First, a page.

There’s a four-word phrase that chills my blood. I’m sure that some of you have the same problem; an involuntary psycho-bio reflex that occurs upon hearing certain words or phrases. For me that phrase used to be, “We need to talk.” Usually uttered by a soon-to-be ex-spouse, a soon-to-be former employer, or an auto repairman with a gleam in his eye and multiple kids in college, my belief was always that nothing good ever followed those words. But since becoming the book buyer for the Paper Store, a retailer with over 35 outlets in New England, I’ve developed a serious case of the heebies for a new phrase: “I wrote a book.”

I get three or four pitches a week now. Either a phone call, an e-mail, or sometimes even drive-bys, but always the same: “Hi, my name is..., I live in..., and I wrote a book! I’m sure it would do really well in your stores!” In years past, when I worked for large independents, regional chains, a national airport store company, and even two wholesalers, I always responded to that statement with an enthusiastic, “Great! Who’s your publisher?” and quickly put plans together to contact the publisher’s rep and see what we could do to support it. As a book buyer for many years, there’s nothing more satisfying than finding a title and author low on the list and promoting it. Now the response to the question, “Who’s your publisher?” is almost always, “I’m the publisher”—or the name of a local printer. That’s where it gets dicey.

The Paper Store is a local, family-owned chain of stores and is seriously devoted to being connected to and active in the community. We dedicate a large amount of time and effort to local groups and charities in all of the towns we are in. We want to support local authors as a way to make us more unique. When there were fewer self-published authors, this was easy. But the advent of new technology has made promoting local authors problematic, at best. My conversations with self-published authors usually revolve around quality, price point, economics, and distribution. Most don’t understand why we can’t simply open new accounts with them. Some aren’t very nice; one local author savaged us on social media after growing frustrated that we didn’t jump to carry her title. I was working with her to solve some of the problems with it—a slender $25 trade novel with an awkward cover and a 10% discount. We finally reached a deal and the book is in our stores.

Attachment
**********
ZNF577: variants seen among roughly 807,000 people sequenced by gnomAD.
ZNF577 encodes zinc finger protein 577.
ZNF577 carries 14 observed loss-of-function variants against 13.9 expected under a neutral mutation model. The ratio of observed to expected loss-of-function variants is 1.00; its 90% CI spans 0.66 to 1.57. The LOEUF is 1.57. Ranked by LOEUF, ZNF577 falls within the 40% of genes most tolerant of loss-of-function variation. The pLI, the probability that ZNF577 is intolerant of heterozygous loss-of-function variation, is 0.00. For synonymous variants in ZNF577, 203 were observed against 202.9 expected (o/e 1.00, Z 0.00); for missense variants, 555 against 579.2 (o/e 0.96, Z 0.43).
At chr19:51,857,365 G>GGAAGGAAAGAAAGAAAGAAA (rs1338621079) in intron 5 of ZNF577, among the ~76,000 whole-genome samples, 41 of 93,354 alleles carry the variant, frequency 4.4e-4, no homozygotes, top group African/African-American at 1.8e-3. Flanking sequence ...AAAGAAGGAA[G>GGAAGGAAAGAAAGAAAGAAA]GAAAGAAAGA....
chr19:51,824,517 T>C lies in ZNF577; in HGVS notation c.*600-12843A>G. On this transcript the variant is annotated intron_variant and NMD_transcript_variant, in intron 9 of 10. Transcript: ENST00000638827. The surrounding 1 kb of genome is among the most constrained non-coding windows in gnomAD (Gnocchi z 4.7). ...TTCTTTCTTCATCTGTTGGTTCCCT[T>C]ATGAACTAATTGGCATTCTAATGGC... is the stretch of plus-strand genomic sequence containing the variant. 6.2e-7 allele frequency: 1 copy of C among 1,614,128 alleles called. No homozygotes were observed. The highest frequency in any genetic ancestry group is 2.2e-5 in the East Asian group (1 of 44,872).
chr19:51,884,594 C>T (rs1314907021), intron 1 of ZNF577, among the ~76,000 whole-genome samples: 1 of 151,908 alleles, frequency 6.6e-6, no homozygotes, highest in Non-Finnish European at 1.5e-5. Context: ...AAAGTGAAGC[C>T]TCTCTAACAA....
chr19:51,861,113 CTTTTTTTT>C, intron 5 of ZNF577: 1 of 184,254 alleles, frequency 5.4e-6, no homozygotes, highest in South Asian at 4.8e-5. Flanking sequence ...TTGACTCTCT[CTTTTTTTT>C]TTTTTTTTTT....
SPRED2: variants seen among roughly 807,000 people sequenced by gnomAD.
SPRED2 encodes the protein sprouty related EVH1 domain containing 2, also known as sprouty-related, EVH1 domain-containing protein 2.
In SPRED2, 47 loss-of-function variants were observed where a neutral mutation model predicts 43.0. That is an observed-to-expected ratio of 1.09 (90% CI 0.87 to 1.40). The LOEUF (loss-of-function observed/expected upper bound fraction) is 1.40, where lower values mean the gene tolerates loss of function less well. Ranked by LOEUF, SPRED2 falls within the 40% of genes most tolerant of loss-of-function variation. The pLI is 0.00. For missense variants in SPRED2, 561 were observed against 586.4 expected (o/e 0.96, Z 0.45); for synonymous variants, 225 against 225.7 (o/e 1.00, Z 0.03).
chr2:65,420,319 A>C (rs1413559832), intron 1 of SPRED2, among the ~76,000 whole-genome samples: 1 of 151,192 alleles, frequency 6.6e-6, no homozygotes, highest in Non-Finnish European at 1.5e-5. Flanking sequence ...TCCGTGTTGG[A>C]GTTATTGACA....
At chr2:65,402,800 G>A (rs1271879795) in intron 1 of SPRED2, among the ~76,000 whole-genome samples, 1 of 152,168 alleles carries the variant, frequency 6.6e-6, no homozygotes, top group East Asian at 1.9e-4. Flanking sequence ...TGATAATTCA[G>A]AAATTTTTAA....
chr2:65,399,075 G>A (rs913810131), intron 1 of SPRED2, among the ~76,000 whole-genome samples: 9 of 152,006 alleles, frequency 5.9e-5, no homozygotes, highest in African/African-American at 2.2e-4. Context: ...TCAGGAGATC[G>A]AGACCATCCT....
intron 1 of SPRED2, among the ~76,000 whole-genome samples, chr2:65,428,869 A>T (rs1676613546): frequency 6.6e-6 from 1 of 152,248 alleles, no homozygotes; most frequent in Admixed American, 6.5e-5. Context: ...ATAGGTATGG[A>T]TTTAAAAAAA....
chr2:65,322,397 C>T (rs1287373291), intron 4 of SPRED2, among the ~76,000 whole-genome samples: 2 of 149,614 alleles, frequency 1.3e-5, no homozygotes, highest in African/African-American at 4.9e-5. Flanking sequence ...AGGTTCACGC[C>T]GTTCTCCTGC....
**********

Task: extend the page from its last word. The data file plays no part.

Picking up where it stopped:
I don’t want to sound negative. There are plenty of self-published titles that have done very well at the Paper Store. Miracle Kid by Zachary Gauvin is a great example. It’s an iUniverse product about his life and overcoming some pretty serious adversity. He paid to publish it, had it placed at Ingram, and has been working very hard promoting it in the area. We’ve sold a couple of hundred. He did it right.

We want more local successes. So in the spirit of success, here are a few guidelines for making a self-published book viable at bookstores:

1. Price it right. In the end, the production costs don’t matter. For bookstores to carry a title, the retail price and the discount have to be correct. The $29 paperback children’s book about the family dog might be charming but it’s not going to sell. The 10% discount won’t have anyone excited either.

2. Find a real distributor. It’s not feasible for a bookstore to open and maintain accounts with every individual who self-publishes his or her own book, and we don’t want to buy them from Amazon. Ingram has been one of the best resources for this, and I tell authors all the time to start with them.

3. Hire an editor. Trust me.

4. Hire a designer for your cover. Trust me.

5. Do NOT contact the buyer more than three times; if your book hasn’t been ordered after three communications, it probably won’t be.

In the new world of e-books, self-publishing, and print-on-demand, the pressure on retailers selling physical books has never been greater. We need diversity and uniqueness to set us apart, but value is king: nothing can replace the publishing professionals who have spent their careers learning how to select, edit, create and market solid products that people want to buy. As this self-publishing trend continues, the entrepreneurs involved need to pay attention and try their best to match the market.

I could add more but right now I need to go. My girlfriend is on the phone, apparently we need to talk...

Mike Joachim is the book buyer at the Paper Store. He’s previously worked for Hudson Group airport stores, Learningsmith, Interstate Distributors, and BJ’s Wholesale Clubs.